Some £600,000 of wine has been obtained through identity theft in the UK over the past six months, police have warned.
The Wine and Spirits Trade Association and the Metropolitan Police are urging wine producers to carefully check on orders to combat the increasing use of identity fraud as a means of obtaining goods without payment.
Since May 2011, the WSTA says it has details of over £600,000 worth of goods defrauded from wine companies through use of false email addresses and identities, generally involving impersonation of existing companies and their employees.
Companies targetted are mostly French, for wines in the mid-price range of around £9, the WSTA told Decanter.com.
Fraudsters typically identify an established UK importer, and register an email address similar to a senior employee. They then place an order asking to be allowed 30 days to pay, claiming they are covered by export insurance.
‘Once delivered, the criminals disappear with the goods without settling the invoice,’ the WSTA says.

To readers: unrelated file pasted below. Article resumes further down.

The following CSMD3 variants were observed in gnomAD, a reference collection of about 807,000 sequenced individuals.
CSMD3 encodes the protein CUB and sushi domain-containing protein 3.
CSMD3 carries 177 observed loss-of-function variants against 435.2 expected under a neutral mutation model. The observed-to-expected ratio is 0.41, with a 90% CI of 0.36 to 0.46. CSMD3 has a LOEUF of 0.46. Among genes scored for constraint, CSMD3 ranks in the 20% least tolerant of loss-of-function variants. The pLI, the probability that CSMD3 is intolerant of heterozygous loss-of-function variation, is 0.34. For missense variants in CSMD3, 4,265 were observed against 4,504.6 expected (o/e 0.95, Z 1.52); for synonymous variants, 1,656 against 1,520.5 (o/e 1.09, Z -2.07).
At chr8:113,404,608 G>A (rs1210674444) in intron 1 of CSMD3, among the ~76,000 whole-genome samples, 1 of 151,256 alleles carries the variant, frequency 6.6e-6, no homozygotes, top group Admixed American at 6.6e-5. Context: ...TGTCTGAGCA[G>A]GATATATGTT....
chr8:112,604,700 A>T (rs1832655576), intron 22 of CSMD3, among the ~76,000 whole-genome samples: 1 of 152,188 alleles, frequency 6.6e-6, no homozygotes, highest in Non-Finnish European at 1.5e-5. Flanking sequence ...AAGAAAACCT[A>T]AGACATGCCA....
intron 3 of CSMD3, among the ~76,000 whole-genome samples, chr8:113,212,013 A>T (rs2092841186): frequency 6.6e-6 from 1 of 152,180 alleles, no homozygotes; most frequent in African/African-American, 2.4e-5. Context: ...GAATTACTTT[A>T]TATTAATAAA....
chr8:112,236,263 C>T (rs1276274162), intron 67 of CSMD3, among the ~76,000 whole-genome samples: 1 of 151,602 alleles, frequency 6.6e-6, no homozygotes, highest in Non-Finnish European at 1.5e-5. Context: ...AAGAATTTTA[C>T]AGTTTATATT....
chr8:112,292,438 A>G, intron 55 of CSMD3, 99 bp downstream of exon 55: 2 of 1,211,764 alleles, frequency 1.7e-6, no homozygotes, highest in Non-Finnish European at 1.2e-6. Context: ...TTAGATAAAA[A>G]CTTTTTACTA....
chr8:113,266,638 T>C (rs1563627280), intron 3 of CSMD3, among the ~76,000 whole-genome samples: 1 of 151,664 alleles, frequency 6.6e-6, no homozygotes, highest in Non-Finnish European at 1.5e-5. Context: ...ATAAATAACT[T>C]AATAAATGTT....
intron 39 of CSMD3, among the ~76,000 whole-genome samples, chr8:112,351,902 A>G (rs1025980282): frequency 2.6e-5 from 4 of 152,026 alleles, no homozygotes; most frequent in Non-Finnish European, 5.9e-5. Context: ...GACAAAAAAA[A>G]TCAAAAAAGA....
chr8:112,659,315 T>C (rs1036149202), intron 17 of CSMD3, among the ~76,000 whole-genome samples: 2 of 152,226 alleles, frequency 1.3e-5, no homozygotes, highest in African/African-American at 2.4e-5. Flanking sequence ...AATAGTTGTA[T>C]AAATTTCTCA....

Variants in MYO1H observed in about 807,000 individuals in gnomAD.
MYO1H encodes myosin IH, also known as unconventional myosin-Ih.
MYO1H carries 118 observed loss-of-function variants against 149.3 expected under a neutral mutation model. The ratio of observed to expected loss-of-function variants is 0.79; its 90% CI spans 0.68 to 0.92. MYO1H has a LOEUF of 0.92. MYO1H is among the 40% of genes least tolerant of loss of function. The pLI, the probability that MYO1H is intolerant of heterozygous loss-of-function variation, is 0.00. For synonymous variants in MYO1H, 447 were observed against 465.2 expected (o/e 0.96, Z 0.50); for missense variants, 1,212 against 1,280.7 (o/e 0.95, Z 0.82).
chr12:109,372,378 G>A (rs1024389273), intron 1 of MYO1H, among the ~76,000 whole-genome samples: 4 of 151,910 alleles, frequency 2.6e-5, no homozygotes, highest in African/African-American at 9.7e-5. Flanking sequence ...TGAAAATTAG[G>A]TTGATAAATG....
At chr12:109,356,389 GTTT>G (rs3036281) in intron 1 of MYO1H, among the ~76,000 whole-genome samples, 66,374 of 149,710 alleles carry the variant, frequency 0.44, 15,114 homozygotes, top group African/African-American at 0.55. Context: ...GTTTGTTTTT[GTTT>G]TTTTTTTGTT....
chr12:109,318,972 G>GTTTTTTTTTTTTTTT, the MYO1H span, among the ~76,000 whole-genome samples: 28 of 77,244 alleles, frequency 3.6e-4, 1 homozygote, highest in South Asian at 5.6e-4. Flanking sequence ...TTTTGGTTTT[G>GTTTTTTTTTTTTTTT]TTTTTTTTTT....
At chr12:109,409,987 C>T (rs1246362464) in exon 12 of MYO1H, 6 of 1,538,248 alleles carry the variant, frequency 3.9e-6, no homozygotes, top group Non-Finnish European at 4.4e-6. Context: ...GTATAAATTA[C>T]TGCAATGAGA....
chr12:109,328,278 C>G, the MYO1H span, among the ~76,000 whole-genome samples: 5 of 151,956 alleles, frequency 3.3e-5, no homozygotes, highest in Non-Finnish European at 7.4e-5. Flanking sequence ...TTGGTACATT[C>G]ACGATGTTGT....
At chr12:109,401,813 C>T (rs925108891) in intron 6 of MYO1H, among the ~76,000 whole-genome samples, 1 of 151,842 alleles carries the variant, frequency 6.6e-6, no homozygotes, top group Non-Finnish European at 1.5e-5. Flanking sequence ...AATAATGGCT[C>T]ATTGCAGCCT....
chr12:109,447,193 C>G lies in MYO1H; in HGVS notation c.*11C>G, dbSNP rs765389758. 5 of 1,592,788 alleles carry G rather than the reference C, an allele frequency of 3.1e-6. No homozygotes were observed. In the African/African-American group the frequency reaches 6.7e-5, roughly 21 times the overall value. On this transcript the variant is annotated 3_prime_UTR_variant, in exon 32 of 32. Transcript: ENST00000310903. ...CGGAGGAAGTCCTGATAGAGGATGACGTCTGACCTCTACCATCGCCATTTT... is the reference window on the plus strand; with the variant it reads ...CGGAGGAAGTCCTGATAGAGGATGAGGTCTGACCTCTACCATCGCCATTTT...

As part of National Identity Fraud Prevention Week, which begins today, the WSTA is working with Operation Sterling, the Metropolitan Police Service’s economic crime prevention and disruption unit, to issue a set of guidelines for producers to guard against this form of fraud.
These include asking for immediate payment, checking all details of the person placing the order, checking the email address against known email addresses from that company, and checking that the delivery address is that of the head office or one of the branches or warehouses of the company.
Producers should also check VAT and Excise numbers, and be wary of payment by credit card as these are seldom used in such transactions.
WSTA Chief Executive Jeremy Beadles said, ‘The feedback to the WSTA’s Fraud Prevention Unit, launched in May this year, shows that criminals targeting wine producers are increasingly using identity theft as a means of securing goods without paying for them.’
Written by Adam Lechmere